Of cemeteries, borrow pits, and Resaca battlefield

Submitted by New South Associates (770-498-4155)

The staff at New South Associates (NSA) has been very busy this year. In addition to the following Georgia projects, our employees have been working on a variety of additional projects in Florida, South Carolina, North Carolina, Tennessee, Alabama, New York, and Puerto Rico. The Berry Creek Site (9MO487) was investigated by R. Jeannine Windham during March and proved to be a small upland Swift Creek site (see artifact feature elsewhere in this issue of The Profile). Although the site has been significantly eroded, small features and potentially structure-related curvilinear trenches were discovered. On going analysis suggests that this site was occupied for a short time period and/or possibly on a seasonal basis.

In March, Diana Valk conducted a Phase I Survey along SR 24 in the areas of a proposed new right-of-way (ROW). The project resulted in the expansion of a previously recorded historic house site and the discovery of a new historic artifact scatter. Both sites were not eligible for the NRHP. In addition to Phase I work, the possible existence of an infant burial in the proposed ROW was also investigated. The landowner informed us that the previous resident of the address indicated his stillborn brother was buried on the land in the late nineteenth or early twentieth century. During that time period, it was not uncommon for rural families to bury their deceased relatives on their land. They would mark the burial with a formal stone, a field stone, or nothing at all. In this instance, the landowner said that he had never seen surface indications of the burial and that he could not be sure of its exact location or if it even existed. Surface examination and subsurface probing revealed no clues as to where the burial might be located. A smooth shovel trackhoe was brought in to scrape off the plowzone layer in the six-meter square area that the burial was purported to be. After shovel shaving the stripped area, several features were identified, but none appeared to be a graveshaft. We concluded that if a burial does exist on the land it does not lie in the area surveyed.

For the last 12 months, Heather Mauldin has been working in conjunction with ecologists at PB World on the first year of a 3-year contract for Georgia Department of Transportation borrow pits through Edwards-Pitman Environmental. To date, she has completed 61 individual survey tracts throughout the state, ranging from Catoosa County, to Glynn, from Burke to Clay, to Rabun, and a variety of places in between. While criss-crossing the state to locate proposed pit areas, this project has allowed Heather to explore often unseen corners of our great state, and sample a few great “out of the way” barbecue places on the way! Additionally, Ms. Mauldin has worked on a number of additional transportation and bridge replacement projects in Barrow, Clayton, Bartow, Gwinnett, Forsyth, Walton, and Fulton counties as a member of the Express Projects Team at NSA.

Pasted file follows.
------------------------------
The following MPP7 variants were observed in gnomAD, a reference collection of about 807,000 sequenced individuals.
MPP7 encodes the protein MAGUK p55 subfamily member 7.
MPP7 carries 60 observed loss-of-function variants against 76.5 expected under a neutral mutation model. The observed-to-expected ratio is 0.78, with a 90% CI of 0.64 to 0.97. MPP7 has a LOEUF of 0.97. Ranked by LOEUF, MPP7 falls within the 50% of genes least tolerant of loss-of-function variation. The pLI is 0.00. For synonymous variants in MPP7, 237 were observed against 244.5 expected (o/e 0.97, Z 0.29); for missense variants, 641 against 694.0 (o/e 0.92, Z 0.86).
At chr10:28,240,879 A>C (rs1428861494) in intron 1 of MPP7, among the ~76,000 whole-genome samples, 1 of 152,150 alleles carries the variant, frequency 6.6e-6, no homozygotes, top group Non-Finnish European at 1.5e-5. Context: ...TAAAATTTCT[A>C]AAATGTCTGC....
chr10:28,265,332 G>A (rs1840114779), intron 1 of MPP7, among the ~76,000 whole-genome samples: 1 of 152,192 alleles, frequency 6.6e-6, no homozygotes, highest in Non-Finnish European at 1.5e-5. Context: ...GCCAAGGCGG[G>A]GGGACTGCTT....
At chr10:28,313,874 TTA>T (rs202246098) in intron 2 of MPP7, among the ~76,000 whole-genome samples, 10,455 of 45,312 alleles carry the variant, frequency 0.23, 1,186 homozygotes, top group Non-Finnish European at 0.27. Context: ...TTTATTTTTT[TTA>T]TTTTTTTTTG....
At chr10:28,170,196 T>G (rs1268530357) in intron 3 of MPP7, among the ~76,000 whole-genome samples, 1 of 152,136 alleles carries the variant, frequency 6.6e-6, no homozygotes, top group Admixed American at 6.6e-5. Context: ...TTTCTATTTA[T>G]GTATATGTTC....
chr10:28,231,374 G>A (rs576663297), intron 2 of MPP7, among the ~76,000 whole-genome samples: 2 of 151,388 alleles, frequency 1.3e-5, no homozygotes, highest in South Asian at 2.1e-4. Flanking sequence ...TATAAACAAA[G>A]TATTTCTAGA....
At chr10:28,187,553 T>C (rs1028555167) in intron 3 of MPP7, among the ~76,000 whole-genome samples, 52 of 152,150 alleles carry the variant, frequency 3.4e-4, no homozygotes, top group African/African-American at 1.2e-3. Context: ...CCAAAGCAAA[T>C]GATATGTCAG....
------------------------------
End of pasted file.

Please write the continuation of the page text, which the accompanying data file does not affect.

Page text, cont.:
Christopher Espenshade, Mark Swanson, and Shawn Patch conducted archival research and archaeological survey of a portion of the Resaca battleground for the Georgia Department of Natural Resources, Parks, Recreation, and Historic Sites. The fieldwork included an intensive metal-detector survey of 37.35 acres of former pasture on the floodplain and terraces of Camp Hill Creek and surface survey and the mapping of trench remnants and possible rifle pits on 7.60 acres of wooded hillside, at the north end of the project’s Area of Potential Effects (APE). The metal-detector survey, which covered the entire floodplain and terrace portion of the APE, recovered 126 artifacts that can be securely attributed to Civil War military action and an additional 26 horseshoes, which may be from the battle. A well-preserved trench line and three possible rifle pits were also discovered on the hill slope. The artifact patterns suggest that the APE saw action on May 9, 1864, when the Federal probe reached at least as far east as the APE. The probe may have been repelled, in part, by Confederate artillery fire from a battery near the present I-75 interchange (outside the APE). The Federal troops were members of the XVI Corps, including the 66th Illinois and the 9th Illinois Mounted Infantry. The APE also witnessed action on May 14, 1964, when the Federals took the hills east of Camp Hill Creek, including the trench system in the northern end of the APE. Members of the XV Corps, including the 12th Missouri and either the 46th Ohio or the 97th Indiana, were engaged in the APE. New South recommended that due to the possibility of battlefield graves, the archaeologists monitor the removal of plow zone in all the proposed construction areas, and that further steps be taken if burials are found during monitoring.